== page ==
The earliest appearance of cheese was in Poland in 5,500 BCE. Curiously enough, this is much before the word for it was invented, since Proto-Indo-European came around a thousand years later. Though etymologists are befuddled and bemused by the root of this word, the common theory is that it comes from the PIE word kwat, meaning "sour", due to the sourness of cheese resulting from fermentation (this word was picked up and kept by many Slavic languages as the name for a sour mineral-water-like drink, so they're basically drinking cheese). After about 4,000 years of being mangled beyond any recognition, the word reemerged in Latin, with its current definition, as caseus. If you've taken a foriegn language, this might sound familiar: it was also the forebear of the Irish, Italian, and Spanish words for cheese. This went into German as kajsus, and later appeared in Saxon as cese, another inexplicable mutilation of a word. In Old English, they added an h to make chese, and eventually, since everybody was mispronouncing it anyway, chese became cheese. The ancient root of "sour" still exists in some cheeses, but culinary technique now also gave us wonderful, sweet, and myriad cheeses of all kinds.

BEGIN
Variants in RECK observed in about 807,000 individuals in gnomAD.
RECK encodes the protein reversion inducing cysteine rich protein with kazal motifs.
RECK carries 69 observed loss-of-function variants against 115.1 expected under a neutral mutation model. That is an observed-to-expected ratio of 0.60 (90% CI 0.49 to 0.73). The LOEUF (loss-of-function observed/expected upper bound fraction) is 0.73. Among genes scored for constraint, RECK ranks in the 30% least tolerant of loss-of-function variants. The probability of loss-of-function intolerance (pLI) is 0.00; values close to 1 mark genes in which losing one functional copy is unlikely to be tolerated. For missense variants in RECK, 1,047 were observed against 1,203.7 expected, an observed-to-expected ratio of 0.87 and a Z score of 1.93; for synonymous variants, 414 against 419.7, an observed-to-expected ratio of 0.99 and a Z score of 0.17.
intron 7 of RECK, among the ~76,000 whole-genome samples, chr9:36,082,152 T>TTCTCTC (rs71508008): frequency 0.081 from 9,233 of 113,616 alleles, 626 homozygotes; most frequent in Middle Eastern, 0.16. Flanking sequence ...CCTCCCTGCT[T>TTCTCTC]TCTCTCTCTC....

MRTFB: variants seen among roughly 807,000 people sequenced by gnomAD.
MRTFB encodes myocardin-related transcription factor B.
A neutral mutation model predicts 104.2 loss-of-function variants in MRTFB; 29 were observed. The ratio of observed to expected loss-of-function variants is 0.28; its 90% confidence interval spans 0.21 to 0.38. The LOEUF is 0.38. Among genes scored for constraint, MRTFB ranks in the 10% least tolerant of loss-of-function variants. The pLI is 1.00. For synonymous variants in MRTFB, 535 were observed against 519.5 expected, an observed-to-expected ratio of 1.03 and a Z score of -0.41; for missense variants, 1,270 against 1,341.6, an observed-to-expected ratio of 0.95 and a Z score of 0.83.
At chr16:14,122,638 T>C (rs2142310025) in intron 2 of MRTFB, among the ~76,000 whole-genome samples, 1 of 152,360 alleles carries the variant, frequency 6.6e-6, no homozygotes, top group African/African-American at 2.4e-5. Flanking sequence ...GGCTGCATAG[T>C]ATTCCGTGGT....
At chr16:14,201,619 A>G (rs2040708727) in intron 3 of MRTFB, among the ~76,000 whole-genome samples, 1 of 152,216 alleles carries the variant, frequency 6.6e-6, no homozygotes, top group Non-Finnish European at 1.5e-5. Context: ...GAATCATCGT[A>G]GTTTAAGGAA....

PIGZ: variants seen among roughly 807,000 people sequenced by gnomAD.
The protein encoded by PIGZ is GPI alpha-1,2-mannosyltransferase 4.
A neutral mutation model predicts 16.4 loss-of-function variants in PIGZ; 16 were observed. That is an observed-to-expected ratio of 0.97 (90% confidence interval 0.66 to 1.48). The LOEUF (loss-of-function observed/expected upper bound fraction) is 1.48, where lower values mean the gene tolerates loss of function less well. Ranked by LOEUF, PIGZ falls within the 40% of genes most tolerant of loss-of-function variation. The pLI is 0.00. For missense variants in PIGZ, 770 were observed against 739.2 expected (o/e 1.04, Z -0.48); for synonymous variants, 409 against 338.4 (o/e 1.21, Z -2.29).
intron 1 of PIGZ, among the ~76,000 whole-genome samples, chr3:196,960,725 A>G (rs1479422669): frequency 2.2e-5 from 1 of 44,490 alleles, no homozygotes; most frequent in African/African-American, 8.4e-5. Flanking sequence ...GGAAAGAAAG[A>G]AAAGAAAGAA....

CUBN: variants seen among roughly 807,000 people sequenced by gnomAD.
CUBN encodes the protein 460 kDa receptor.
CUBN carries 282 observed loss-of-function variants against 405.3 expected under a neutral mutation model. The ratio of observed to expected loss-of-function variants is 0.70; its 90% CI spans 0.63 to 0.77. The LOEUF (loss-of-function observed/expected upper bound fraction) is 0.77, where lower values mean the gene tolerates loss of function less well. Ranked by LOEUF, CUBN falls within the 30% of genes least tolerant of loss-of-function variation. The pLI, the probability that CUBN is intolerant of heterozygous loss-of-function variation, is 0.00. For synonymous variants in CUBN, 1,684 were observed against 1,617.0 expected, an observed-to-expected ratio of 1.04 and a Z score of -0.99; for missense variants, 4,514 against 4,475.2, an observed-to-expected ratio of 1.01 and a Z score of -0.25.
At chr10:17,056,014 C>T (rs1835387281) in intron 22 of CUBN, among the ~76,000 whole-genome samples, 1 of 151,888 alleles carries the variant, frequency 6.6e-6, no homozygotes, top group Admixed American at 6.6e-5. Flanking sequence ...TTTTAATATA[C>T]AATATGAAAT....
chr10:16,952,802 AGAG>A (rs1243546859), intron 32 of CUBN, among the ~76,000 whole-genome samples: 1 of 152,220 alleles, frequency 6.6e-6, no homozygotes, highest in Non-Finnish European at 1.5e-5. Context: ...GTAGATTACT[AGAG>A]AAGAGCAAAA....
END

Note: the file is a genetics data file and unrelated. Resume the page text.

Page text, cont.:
Hello! I'm Adam Aleksic, a sophomore studying government and linguistics at Harvard University, where I co-founded the Harvard Undergraduate Linguistics Society. In addition to etymology, I also really enjoy politics, vexillology, geography, board games, conlanging, and law.